Prior law excluded copyrights, literary, musical, or artistic compositions, letters or memoranda, or similar property from the definition of a capital asset if the asset is held either by the taxpayer who created the property, or a taxpayer for whom the property was produced.  Seldom in M&A do we see these assets being transferred.  The new law however changes this considerably.  The new law adds to this list patents, inventions, model or design, and a secret formula or process which is held by the taxpayer who created the property (or for whom the property was created).

The added items are encountered many time in the sale of a business.  The problem is that these items are intangibles and the value of these items have, historically been included in the portion of the purchase price that is allocated to goodwill.  Goodwill is a capital asset, and therefore subject to capital gains tax, whereas the previously mentioned items are not capital assets if the sale occurs in 2018 or later and must be excluded from goodwill value.  This give us an opportunity and creates some danger.  The opportunity is now we have another category of purchase price we can negotiate, the danger is if we do not separately state the allocation to these assets and they accidentally end up in the goodwill allocation the IRS could, upon audit make a sizable adjustment for the portion of the goodwill that they deem to be the value of these excluded items.  Fair Market Value in a sale between unrelated parties is whatever they agree upon.  If they do not agree then the IRS will have the ability to create a value.  In most cases the value of a business in excess of the value of its tangible personal or real property is considered “goodwill”.  This represents the value of the cash flow in excess of the tangible asset value.  If the business makes its money from the production of a product that has a patent or uses a secret formula then much of this excess value may actually be attributable to the patent or secret formula, which would render that portion of the purchase price subject to ordinary income tax rates and not be treated as capital gains.  If the value of these excluded assets are separately stated and the value is agreed to in the purchase agreement the IRS would have a hard time adjusting it.

The bottom line is if the business possesses any of the excluded assets it would be wise to allocate a negotiated portion of the purchase price to this class of assets.

Let me know if I can help further.

Harold F. Ingersoll, CPA/ABV/CFF, CVA, CM&AA

Partner at Atchley & Associates, LLP

How to maximize deductions for business real estate

Currently, a valuable income tax deduction related to real estate is for depreciation, but the depreciation period for such property is long and land itself isn’t depreciable. Whether real estate is occupied by your business or rented out, here’s how you can maximize your deductions.

Segregate personal property from buildings

Generally, buildings and improvements to them must be depreciated over 39 years (27.5 years for residential rental real estate and certain other types of buildings or improvements). But personal property, such as furniture and equipment, generally can be depreciated over much shorter periods. Plus, for the tax year such assets are acquired and put into service, they may qualify for 50% bonus depreciation or Section 179 expensing (up to $510,000 for 2017, subject to a phaseout if total asset acquisitions for the tax year exceed $2.03 million).

If you can identify and document the items that are personal property, the depreciation deductions for those items generally can be taken more quickly. In some cases, items you’d expect to be considered parts of the building actually can qualify as personal property. For example, depending on the circumstances, lighting, wall and floor coverings, and even plumbing and electrical systems, may qualify.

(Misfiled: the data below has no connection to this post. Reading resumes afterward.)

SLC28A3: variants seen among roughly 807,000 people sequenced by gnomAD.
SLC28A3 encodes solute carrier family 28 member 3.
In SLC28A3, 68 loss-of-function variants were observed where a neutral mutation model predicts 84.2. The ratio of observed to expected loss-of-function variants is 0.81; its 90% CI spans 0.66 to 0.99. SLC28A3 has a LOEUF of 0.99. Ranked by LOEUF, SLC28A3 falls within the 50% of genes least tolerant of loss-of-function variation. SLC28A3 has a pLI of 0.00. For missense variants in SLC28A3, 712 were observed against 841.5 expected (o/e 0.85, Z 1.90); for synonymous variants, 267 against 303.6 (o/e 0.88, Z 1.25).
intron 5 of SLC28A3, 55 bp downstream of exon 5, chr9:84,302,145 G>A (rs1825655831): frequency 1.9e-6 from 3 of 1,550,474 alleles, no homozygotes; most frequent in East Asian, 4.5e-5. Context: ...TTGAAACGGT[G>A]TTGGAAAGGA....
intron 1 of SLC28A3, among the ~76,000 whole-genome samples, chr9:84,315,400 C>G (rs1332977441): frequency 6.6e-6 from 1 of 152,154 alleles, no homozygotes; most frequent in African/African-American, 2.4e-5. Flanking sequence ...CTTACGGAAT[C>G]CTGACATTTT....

Carve out improvements from land

As noted above, the cost of land isn’t depreciable. But the cost of improvements to land is depreciable. Separating out land improvement costs from the land itself by identifying and documenting those improvements can provide depreciation deductions. Common examples include landscaping, roads, and, in some cases, grading and clearing.

Convert land into a deductible asset

Because land isn’t depreciable, you may want to consider real estate investment alternatives that don’t involve traditional ownership. Such options can allow you to enjoy tax deductions for land costs that provide a similar tax benefit to depreciation deductions. For example, you can lease land long-term. Rent you pay under such a “ground lease” is deductible.

Another option is to purchase an “estate-for-years,” under which you own the land for a set period and an unrelated party owns the interest in the land that begins when your estate-for-years ends. You can deduct the cost of the estate-for-years over its duration.

More limits and considerations

There are additional limits and considerations involved in these strategies. Also keep in mind that tax reform legislation could affect these techniques. For example, immediate deductions could become more widely available for many costs that currently must be depreciated. If you’d like to learn more about saving income taxes with business real estate, please contact us.

© 2017

Changes to I-9 Employment Eligibility Verification Form

Effective September 18, 2017, the U.S. Citizenship and Immigration Services (USCIS) released a revised version of Form I-9, Employment Eligibility Verification. Federal law requires that this form be used by any employer to ensure and verify your employee’s identity and employment authorization.

What are some of the revisions made to Form I-9?

  • Instructions for Form I-9 have been updated
  • List C – Documents that Establish Employment Authorization has been changed

Some things to consider with this newest form:

  • Employers must being using this newest version of Form I-9 [Form I-9 07/17/17 N]. All previous versions of I-9 after 09/19/17 will not be valid.
  • For any current employees, the previously completed Form I-9 on file will be valid.

For a complete list of formats and instructions available for I-9, please visit the USCIS website: www.uscis.gov/i-9.